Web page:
The nuttiness peculiar to Maher Cup football continued however, Harden led 14-5 against West Wyalong when the game was called off by referee John Livermore. He had sent off Col Ratcliffe, following an altercation with Bernie Nevin. Wyalong officials were calling upon Col to bring the rest of the team off with him, but he refused. Moments later Ron Cooper of Wyalong was sent off. Some Wyalong players went off in sympathy and only eight Wyalong players were on the field as Harden’s Frank Todd kicked a penalty goal. Only two Wyalong players lined up for the kick-ff and the match was abandoned.
That record breaking Harden team had many great players, fellows like Eric Kuhn, Kevin Negus, Matt Grenfell, and a real speedster in Gerry Robinson.
But I confess that my favourite players in the side were Tom Apps and Lindsay Ellison always did like my footballers big, fat and ugly.
Ah yes, the Maher Cup tale is a long an involved one, impossible to cover it all in a single night.
Madness certainly abounded. In 1952 to crowd at Gundagai-Young game at Anzac Park refused to leave even though the floodwaters of the swollen Murrumbidgee were cutting off access to the ground. Eventually, a pontoon bridge had to be hastily thrown up to get the estimated 4000 fans over the murky waters. Would it happen anywhere else but at a Maher Cup game?
Many great players played for the Cup and many great characters were among them. I think of Fred De Belin, Gubby Allan, Ray Beavan, Ted Curran, Johnny Kelly, Baden Broad, Bede Madigan, Father John Morrison, Doug Cameron, Sid Hobson, Mick Jones, Ray Green, Bobby Downing, Toby Barton, Frank Farrington, Jack Gibson, Father Peter Quirk, Bill Longhurst, the Lawrence family of Barmedman, Darrell Fazio, Bill Kinnane, Ian Sheather, the incomparable Eric Weissel, Peter Diversi, Ike Fowler, Clem Kennedy, John Ryan – the list seems to be endless.
But not only players became Maher Cup legends. In Gundagai, one of the greatest of Maher Cup legends was the late Dudley Casnave, who never played a Maher Cup game in his life. But Dudley was one of those fanatical supporters. One day, almost fifty years ago, Gundagai were defending the cup against Wyalong. Wyalong’s long striding winger, Clive Lemon, broke clear and was scooting in for a try, not a defender in sight. Out of the crowd came Dudley, his army greatcoat billowing about him, to execute a flawless tackle on the Wyalong speedster to the delight of the large crowd.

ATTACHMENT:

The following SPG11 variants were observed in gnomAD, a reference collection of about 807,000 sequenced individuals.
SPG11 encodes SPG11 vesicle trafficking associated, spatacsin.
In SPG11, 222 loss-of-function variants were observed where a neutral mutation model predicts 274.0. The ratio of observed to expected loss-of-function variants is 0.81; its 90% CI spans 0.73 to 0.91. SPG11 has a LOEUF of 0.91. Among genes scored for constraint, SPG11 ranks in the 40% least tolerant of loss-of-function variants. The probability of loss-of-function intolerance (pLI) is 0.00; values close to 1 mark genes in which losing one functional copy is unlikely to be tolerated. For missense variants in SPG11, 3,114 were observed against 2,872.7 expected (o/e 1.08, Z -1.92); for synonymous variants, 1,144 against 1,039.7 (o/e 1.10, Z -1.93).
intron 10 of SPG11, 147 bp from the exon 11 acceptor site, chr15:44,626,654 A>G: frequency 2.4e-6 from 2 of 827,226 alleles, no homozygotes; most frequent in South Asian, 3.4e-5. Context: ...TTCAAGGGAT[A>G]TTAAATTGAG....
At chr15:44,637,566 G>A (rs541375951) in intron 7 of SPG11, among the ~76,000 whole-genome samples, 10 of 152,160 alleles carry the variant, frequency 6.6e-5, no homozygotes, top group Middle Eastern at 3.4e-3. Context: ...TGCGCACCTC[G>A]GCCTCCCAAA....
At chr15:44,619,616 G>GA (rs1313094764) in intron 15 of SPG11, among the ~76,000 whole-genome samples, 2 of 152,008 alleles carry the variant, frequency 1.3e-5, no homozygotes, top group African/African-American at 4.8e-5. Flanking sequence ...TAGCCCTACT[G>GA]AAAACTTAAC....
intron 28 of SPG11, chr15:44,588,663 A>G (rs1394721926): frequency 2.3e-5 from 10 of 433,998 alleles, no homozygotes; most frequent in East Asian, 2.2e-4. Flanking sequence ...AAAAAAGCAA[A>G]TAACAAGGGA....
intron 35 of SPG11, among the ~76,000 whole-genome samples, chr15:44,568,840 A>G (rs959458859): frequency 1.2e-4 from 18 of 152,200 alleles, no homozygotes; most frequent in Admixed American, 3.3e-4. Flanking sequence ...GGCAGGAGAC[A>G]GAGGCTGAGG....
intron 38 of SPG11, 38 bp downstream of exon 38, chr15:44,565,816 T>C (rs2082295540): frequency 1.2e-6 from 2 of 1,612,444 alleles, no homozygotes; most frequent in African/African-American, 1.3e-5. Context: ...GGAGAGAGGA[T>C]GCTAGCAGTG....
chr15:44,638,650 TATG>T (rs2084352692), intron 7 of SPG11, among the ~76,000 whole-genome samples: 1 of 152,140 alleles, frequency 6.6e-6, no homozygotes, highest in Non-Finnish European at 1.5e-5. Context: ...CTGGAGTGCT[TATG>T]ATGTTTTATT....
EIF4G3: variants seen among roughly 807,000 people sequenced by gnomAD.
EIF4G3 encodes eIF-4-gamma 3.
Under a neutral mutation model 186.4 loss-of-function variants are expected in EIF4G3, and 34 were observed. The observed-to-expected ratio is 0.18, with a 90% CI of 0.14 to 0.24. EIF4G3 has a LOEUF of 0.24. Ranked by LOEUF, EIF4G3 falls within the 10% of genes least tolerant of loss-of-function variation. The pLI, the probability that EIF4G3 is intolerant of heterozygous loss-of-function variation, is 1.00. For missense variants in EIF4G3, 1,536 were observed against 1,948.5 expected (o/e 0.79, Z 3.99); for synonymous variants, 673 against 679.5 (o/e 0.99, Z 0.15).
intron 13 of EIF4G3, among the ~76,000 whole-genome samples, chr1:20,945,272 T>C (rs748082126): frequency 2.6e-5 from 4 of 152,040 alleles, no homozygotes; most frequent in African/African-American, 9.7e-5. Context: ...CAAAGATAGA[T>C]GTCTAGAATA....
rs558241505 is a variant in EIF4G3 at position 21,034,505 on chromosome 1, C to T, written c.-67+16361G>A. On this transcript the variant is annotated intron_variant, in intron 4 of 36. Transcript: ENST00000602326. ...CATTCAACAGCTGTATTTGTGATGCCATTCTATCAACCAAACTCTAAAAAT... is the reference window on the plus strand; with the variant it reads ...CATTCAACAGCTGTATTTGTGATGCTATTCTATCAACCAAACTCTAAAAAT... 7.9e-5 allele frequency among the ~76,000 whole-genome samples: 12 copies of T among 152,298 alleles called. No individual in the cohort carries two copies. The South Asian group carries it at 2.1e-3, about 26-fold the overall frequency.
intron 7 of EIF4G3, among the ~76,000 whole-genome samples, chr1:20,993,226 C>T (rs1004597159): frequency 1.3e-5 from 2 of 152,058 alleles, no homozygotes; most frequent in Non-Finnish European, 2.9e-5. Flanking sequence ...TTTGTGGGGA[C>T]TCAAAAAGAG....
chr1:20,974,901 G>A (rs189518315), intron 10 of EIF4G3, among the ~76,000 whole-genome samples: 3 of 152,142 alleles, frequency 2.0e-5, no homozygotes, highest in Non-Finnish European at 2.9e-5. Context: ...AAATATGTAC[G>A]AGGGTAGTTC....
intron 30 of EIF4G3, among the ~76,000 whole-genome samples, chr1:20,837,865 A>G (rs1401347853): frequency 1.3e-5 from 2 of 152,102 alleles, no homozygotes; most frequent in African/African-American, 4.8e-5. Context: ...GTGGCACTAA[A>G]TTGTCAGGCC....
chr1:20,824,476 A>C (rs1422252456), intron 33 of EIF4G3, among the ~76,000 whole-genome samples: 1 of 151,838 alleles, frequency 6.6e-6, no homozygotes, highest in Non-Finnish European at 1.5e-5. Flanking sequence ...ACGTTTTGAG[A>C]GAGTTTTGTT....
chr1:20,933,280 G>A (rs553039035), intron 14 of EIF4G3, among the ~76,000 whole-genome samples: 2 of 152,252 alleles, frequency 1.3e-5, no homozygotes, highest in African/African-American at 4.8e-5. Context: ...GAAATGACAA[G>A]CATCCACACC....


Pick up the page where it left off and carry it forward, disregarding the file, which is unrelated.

Sadly, the Cup did not last forever. In the 1960s disgruntled administrators forced boundary changes – the Murrumbidgee Rugby League rebellion took out the old cup teams and others were scattered into makeshift competitions.
When rugby league peace was restored a new Group 9 was created in which many of the clubs, the Wagga sides, Batlow and Tumbarumba had no real Maher Cup tradition. Interest waned, challenges became few, until in 1971 Tumut played that last game to lift the cup from Young. And the famed prize now rests here in the Tumut Old Boys cabinet. It’s fitting that its final home should be in Tumut, where it all began. [Editor’s note: the Cup was relocated to the NRL Museum in 2013]
Maher Cup players are getting no younger, many of that great golden era have answered the final siren.
It was a Harden coach, Harry Melville, who had played with the mighty St George, who declared after one Group 9 season: “I don’t want to come back here, this is the toughest football ever.”
When I think of those glorious and tumultuous years my mind keeps turning to two players who for me epitomised Maher Cup football, those old Barmedman stalwarts Col Quinlan and Rusty Gorham. They were men who gave no quarter on the field, who played it uncompromisingly and ruggedly. But off the field they had that marvellous gift of mateship. I don’t think they had an enemy off the field. On the field they certainly had no friends in opposition jerseys.
Where are they now? Do old Maher Cup players go to heaven? Of course they do! But they don’t go to the harping or singing section. They go to a place where the music comes from the rattle of sprigs on concrete as teams take the field, where the scent of heavenly gardens is replaced by the sharp smell of liniment wafted on a winter breeze, and where the adoring multitudes burst into waves of cheering as the whistle sounds, a boot hits the ball, and the greats of the misty past enjoy their own heavenly delight.